In honor of one of the many burlesque performers who came to Lake Hopatcong for a summer getaway, the Lake Hopatcong Historical Museum hosted an Abbott and Costello festival on September 8 and 9 at the Growing Stage theater.

Of the many visitors of Lake Hopatcong, Bud Abbott spent four summers in Northwood, which was also known as the “Actor’s Colony.” Abbott lived right alongside other great performers in Lake Hopatcong history such as Miss Lotta, Jim Cook, and Uncle Miltey. These and many more performers typically rented low-cost, bungalow-type houses during the summer and spent time with their family after long trips around the country performing.

Fans of Abbott and Costello came from the Lake Hopatcong region as well as from several other states to join in on the festival’s activities. The festival started with a showing of Abbott and Costello Meet Frankenstein on Friday night and continued with a double feature of The Time of Their Lives and Hold That Ghost on Saturday afternoon. These films were some of Abbott and Costello’s biggest hits.

Saturday evening was the Museum’s most anticipated event. Chris Costello, the youngest daughter of Lou Costello, came to meet fans of her father’s work, answer questions, and sign memorabilia. Abbott and Costello impressionists Gil Palmer and Lou Sciara, who have been mimicking the comedy duo’s most popular routines for almost 25 years, performed a few of their sketches, including “Who’s on First” and the magic act.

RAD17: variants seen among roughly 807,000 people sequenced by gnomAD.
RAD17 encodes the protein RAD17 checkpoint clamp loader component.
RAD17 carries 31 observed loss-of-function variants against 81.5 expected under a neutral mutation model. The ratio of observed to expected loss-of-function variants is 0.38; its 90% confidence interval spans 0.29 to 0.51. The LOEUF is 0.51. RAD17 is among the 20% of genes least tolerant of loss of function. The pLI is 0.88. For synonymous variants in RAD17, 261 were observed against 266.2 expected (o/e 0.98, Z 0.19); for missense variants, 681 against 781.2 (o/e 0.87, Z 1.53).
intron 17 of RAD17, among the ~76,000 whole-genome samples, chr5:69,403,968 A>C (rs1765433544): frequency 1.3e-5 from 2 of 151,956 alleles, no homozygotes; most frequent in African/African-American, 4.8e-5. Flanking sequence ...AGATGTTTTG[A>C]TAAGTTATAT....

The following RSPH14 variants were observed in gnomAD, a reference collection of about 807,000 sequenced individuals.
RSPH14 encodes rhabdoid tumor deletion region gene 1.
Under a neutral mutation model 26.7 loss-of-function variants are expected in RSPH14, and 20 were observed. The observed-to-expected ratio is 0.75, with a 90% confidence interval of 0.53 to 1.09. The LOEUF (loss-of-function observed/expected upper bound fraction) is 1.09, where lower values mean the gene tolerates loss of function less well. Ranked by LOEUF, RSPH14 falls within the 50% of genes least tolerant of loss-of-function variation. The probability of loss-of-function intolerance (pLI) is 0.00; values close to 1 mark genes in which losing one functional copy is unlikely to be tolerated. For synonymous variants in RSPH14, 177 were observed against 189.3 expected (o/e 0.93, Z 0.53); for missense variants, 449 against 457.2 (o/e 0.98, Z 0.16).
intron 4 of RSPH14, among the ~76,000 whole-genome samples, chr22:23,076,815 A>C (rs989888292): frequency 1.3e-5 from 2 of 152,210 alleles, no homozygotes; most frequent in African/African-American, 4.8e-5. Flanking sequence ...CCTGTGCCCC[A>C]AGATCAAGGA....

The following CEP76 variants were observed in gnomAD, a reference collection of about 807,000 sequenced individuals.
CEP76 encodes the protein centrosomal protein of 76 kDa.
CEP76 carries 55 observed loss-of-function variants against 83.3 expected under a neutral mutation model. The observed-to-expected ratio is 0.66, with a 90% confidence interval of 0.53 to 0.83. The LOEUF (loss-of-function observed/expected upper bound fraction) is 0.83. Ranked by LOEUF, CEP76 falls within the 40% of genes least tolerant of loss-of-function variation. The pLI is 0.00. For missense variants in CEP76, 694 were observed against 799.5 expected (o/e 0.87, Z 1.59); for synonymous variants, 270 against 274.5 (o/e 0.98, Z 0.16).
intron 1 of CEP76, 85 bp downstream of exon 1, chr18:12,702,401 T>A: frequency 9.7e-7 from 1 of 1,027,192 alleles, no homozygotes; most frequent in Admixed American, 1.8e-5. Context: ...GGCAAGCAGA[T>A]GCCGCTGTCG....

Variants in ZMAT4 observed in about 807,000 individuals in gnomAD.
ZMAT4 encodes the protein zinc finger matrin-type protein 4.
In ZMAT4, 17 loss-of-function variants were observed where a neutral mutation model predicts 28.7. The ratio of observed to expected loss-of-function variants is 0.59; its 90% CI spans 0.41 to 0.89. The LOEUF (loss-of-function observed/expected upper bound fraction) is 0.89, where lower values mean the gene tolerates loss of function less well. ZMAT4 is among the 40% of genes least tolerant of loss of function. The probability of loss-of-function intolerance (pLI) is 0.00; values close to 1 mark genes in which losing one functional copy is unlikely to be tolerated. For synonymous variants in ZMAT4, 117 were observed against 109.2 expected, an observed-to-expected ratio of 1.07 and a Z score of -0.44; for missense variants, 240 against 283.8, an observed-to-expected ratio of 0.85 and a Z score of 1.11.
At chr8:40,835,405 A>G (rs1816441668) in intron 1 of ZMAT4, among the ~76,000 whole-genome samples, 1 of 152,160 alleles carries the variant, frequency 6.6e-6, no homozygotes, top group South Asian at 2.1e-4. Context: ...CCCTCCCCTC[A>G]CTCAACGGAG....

Palmer and Sciara have performed in Atlantic City, Las Vegas, and even at the Baseball Hall of Fame in Cooperstown, NY in front of 27,000 people. They had been huge fans of Abbott and Costello from a young age and were happy to be able to perform at the festival, especially in the presence of Costello’s daughter.

Chris Costello was excited to be there to talk about her father’s legacy. She gave the audience a peek into her father’s personal life as a quiet, protective parent who acted very differently from the roles he performed. Lou Costello was a very generous and giving man as well, especially after his son died in a drowning accident.

Lou Costello started the Lou Costello Jr. Youth Foundation, which was a place for children to get off the streets and go to the foundation for recreation, health services, and most importantly, to learn how to swim.

Chris said, “My father had made many people laugh, but he made them feel safe, too. In his eyes, money wasn’t meant to be spent at his house. It was meant to be spent on others.” Chris hopes that people remember him for his humanitarian efforts as much as his comedic performances.

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